In one of the more interesting twists in this yearâ€™s presidential election, the Democratic nominee, whether it be Barack Obama or Hillary Clinton, will be more comfortable discussing his or her personal faith than will Republican nominee John McCain. We know all about Obamaâ€™s religion and Clintonâ€™s faith has been well analyzed too. But McCain has remained rather quiet on his own faith. Why?
Politico has a good explanation:
[McCain] is a throwback to an earlier generation when such personal matters were kept personal. To talk of Jesus Christ in the comfortable, matter of fact fashion of the past two baby-boom era presidents would be unthinkable.
What drives him â€“ at least outwardly â€“ is precisely what he has been talking about this week: a love of country and sense of duty instilled by a military family with a long legacy of service.
I have no problem with those who choose to speak openly of their relationship with God or Jesus. But Iâ€™ve always preferred leaders who keep a quiet faith. We do not all share the same religion and even those of us who are Christian have dramatically different interpretations of scripture and our duties as believers. Leaders who focus too much on their personal religious beliefs disconnect themselves from those who do not share the same faith. However, a politician who focuses on matters of patriotism (in its robust sense) and civic duty can connect with all of us. We are all Americans. We are not all Baptists or Episcopalians or Roman Catholics.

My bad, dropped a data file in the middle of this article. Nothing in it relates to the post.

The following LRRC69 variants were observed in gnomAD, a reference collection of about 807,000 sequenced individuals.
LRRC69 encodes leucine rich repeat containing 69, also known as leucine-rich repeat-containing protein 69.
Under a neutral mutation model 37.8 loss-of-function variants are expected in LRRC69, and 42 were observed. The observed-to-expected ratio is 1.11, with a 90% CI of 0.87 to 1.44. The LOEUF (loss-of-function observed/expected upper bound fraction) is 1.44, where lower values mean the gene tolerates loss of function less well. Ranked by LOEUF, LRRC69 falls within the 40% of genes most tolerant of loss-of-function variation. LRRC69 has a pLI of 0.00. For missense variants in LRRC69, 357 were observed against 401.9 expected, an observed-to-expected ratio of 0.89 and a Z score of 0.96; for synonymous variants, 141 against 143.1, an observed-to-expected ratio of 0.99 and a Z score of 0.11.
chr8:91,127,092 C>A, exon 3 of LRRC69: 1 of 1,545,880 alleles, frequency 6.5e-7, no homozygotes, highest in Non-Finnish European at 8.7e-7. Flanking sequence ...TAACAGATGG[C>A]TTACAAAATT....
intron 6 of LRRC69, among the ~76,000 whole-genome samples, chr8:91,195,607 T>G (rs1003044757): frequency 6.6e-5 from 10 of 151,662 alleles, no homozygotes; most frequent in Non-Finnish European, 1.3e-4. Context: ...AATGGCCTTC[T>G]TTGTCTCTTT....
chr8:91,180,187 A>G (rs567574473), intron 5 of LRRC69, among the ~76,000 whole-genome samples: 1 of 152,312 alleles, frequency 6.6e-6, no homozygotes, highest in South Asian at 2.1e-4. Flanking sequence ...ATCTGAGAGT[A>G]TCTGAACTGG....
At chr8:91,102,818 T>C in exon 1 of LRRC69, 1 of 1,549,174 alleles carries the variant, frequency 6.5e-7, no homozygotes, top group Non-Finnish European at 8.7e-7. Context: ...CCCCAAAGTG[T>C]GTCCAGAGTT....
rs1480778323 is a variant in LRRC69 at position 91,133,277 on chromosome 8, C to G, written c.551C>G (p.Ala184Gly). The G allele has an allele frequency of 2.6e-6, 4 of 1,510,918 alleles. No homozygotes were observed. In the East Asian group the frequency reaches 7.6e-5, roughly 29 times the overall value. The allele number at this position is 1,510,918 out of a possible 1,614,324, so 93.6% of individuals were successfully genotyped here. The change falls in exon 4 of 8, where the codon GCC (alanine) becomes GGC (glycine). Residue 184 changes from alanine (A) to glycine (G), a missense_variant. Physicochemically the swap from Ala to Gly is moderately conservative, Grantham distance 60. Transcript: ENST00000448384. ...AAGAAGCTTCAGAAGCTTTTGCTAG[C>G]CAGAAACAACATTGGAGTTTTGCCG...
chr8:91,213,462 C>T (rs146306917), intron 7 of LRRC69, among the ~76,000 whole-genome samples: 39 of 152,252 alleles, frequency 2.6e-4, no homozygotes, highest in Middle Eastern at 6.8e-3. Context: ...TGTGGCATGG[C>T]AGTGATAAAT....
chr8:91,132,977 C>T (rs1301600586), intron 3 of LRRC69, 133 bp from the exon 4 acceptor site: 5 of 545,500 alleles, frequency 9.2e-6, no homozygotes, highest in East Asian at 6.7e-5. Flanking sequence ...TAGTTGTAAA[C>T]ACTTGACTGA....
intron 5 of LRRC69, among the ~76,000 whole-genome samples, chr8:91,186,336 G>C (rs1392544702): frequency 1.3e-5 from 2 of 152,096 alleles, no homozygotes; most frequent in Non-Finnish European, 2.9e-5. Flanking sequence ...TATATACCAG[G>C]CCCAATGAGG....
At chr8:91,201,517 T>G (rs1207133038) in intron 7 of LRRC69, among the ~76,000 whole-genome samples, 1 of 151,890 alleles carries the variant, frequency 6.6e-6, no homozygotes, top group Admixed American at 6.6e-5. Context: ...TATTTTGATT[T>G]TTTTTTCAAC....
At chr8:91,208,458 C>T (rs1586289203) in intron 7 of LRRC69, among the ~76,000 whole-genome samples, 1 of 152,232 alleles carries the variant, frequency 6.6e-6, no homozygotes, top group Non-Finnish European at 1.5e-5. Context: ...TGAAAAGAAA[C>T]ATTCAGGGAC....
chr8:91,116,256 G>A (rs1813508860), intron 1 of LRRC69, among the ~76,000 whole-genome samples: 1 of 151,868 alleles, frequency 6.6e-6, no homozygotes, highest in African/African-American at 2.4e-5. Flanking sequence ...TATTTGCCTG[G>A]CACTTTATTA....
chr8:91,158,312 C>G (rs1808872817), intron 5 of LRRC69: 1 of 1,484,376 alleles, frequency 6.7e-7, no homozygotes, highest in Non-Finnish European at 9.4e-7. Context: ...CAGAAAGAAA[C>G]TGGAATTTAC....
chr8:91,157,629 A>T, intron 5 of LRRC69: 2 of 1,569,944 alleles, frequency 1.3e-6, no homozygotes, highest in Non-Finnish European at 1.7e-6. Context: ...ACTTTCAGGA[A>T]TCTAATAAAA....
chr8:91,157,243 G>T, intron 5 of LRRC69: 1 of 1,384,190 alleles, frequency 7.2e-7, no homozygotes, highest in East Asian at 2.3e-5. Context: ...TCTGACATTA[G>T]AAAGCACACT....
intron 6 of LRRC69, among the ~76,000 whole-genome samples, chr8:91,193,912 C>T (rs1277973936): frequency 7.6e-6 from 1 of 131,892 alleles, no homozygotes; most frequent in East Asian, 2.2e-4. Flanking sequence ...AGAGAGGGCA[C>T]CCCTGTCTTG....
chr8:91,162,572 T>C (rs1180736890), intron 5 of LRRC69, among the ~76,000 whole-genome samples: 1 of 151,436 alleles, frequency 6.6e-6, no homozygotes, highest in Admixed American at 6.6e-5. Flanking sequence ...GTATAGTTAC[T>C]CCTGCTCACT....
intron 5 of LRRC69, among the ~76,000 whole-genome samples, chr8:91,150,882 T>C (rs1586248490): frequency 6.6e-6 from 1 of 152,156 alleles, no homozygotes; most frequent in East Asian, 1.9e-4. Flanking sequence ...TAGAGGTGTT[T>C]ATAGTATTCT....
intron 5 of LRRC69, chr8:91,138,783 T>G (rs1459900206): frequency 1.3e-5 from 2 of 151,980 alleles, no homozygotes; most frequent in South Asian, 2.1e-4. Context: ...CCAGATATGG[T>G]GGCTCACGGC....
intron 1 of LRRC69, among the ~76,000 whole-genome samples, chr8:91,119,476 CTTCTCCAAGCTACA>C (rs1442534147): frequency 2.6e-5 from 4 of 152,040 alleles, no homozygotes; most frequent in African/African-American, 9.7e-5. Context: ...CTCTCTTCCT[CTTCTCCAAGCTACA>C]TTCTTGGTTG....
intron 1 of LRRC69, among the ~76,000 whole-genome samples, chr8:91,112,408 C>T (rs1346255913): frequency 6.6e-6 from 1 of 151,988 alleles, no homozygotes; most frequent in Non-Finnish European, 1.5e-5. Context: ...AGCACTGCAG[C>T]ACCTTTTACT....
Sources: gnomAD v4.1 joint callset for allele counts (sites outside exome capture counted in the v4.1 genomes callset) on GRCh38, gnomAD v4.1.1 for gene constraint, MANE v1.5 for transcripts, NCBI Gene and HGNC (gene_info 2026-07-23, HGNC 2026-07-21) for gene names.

Before this campaign is over, McCain will likely have to describe his personal faith in greater detail. But I respect him for keeping his religion private and choosing to speak about duties and motivations in which we all can share. I do believe religion provides a strong moral core but I do not believe a man need wear his faith on his sleeve in order to be considered a good leader or even a good Christian. I havenâ€™t always agreed with the religious figures with whom McCain has associated, but I admire the way heâ€™s handled his personal faith and wish such conduct was more common.